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Trip Report    

Winter Scramble - Big Snow Mountain

Good timing made for an incredible weekend scramble.

  • Road rough but passable
  • We found hard-packed snow by Pumpkinseed Creek Falls.  Beyond that, there's enough snow to make almost all 20+ creek crossings on the way to Myrtle Lake benign.  I wouldn't expect that to be true much longer.  Snow above 5500ft was stiff, icy in places near the summit block.

    Typical stream crossing

This trip took place after four days with very little precipitation.  The avalanche forecast called for loose wet being possible.  It was a moderate rating trending to low for Sunday. Given that most of this route above Myrtle Lake is in avalanche terrain, good timing and weather made this outing possible.

All accounts of the five mile portion of Dingford Road being near impassable are inaccurate.  I'd call it average. It was a one hour drive from Bellevue to the trailhead. Our party of four hiked up the Dingford Creek Trail, putting on snowshoes around 2500ft.  Someone had post-holed almost to the Goat Creek area, beyond that, we were on our own for finding the trail which proved fairly intuitive, keeping in mind the trail goes up-valley, not uphill.

There are many braided streams to cross at all the places you would expect: Pumpkinseed, Goat Creek, and the most difficult area looked to be the streams draining Nimue Lake.  We had enough snow to have snow bridges in most open areas, and enough to make snowshoe steps down into the streams and back up the other side when there was not a snow bridge.  After gaining 1,000ft in the first mile, the route to Myrtle Lake is gentle and travels through a wonderful, old forest.

We took an hour to make camp at Myrtle Lake and test our avalanche beacons before heading up.  The gully leading to Big Snow Lake is an obvious route.  Very steep, a skinnier version of Ellinor's gully, with loose-wet debris from previous days.  It was icy for us and we made haste moving through it.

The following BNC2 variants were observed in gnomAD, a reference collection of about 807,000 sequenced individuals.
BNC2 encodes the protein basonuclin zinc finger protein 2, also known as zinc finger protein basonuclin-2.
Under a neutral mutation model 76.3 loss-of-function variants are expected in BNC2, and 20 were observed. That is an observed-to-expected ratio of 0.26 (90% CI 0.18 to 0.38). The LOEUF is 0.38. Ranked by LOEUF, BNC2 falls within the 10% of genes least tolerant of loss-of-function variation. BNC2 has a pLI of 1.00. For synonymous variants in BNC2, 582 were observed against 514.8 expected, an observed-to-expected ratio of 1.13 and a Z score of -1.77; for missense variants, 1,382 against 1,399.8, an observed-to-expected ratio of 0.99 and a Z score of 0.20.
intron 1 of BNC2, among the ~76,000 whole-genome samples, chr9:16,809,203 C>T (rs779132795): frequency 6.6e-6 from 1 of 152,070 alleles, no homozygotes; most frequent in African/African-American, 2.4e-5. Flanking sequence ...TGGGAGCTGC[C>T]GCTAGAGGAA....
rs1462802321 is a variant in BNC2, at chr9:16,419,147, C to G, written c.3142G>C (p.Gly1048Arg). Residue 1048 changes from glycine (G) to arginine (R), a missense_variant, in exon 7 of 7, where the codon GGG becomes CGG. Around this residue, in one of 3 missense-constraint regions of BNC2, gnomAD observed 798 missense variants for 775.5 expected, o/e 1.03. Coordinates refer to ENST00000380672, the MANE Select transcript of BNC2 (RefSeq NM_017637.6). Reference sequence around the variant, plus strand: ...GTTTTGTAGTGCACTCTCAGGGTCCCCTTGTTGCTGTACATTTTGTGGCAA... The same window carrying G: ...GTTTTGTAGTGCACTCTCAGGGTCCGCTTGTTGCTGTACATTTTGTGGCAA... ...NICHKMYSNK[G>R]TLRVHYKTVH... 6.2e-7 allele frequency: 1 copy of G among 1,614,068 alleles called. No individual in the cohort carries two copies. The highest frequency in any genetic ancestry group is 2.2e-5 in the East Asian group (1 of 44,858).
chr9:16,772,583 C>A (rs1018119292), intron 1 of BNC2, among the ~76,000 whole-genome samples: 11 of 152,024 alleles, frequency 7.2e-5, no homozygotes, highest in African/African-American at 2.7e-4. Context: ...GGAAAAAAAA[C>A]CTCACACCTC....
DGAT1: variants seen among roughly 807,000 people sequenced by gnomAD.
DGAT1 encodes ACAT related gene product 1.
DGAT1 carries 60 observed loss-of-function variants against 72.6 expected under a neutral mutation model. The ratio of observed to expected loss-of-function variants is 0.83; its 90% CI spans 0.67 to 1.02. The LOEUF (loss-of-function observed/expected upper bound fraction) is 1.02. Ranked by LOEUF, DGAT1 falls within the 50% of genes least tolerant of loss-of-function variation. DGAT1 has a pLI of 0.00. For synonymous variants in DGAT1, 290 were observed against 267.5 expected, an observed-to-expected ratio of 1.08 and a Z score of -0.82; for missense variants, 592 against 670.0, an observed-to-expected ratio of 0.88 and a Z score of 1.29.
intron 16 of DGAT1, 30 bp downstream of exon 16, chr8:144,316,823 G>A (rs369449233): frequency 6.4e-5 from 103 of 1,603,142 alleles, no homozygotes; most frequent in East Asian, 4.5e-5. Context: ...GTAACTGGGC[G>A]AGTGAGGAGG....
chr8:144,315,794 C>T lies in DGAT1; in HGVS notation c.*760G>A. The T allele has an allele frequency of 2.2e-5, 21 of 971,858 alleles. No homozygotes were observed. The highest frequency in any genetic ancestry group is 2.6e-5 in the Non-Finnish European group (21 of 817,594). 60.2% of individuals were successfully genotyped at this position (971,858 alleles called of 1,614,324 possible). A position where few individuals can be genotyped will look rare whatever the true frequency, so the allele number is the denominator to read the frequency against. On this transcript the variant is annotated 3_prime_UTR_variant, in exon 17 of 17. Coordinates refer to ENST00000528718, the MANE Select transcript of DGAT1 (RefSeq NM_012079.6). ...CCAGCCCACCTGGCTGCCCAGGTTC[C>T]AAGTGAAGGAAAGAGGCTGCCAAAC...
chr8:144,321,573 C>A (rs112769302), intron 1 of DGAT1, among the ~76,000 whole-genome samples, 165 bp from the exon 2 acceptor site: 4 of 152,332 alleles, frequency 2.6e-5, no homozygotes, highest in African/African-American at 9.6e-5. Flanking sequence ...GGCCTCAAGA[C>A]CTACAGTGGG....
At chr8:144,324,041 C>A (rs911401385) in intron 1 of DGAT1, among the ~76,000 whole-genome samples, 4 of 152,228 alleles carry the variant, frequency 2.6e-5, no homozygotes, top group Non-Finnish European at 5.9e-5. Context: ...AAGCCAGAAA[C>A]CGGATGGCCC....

Once at Big Snow Lake, a few different routes can be made out.  Rather than take the longer, gentler, summer route below cliffs and cornices, we ascended the steep ridge separating Big Snow Lake and Snowflake Lake.  It's a beautiful line with nothing threatening above.  The snow was stiff and our snowshoes barely sank.  We could have kicked steps or used crampons, but the snowshoes made easy work of this last 1500ft.  The summit block approaches 45 degrees for 50ft or so and had significant rime in places.  Crampons would have been a better choice.

After 30 minutes gawking at views from the summit, we descended toward camp, glissading the 1000ft gully beneath Big Snow Lake. We pumped water at Dingford Creek and made dinner in our snow kitchen.  It remained clear.  Even at 1am the moon was bright on our tents.  We woke to moderate snowfall which was with us to the trailhead.  We encountered only one hiker all weekend, near the trailhead on Sunday.

This group has scrambled together in the past and works well together.  Splitting tasks in camp, navigating, being mindful of hazards, making each other laugh.  It was a joy to share such a spectacular trip with these three.  Not a single person I didn't know inquired about joining this trip, what a shame. This route should be sought after by anyone in late winter/early spring who enjoys a steep snow ascent with a real alpine feel. 

Our GPS track can be found here.  13.7 miles round trip. 5300ft elevation gain.  Section times including breaks: TH to Myrtle Lake (camp) 4h20m; camp to Big Snow Lake 1h20m; Big Snow Lake to summit 2h;  summit to camp 2h; camp to TH 3h30m.

Much of the route can be seen here from the top of the gully

 

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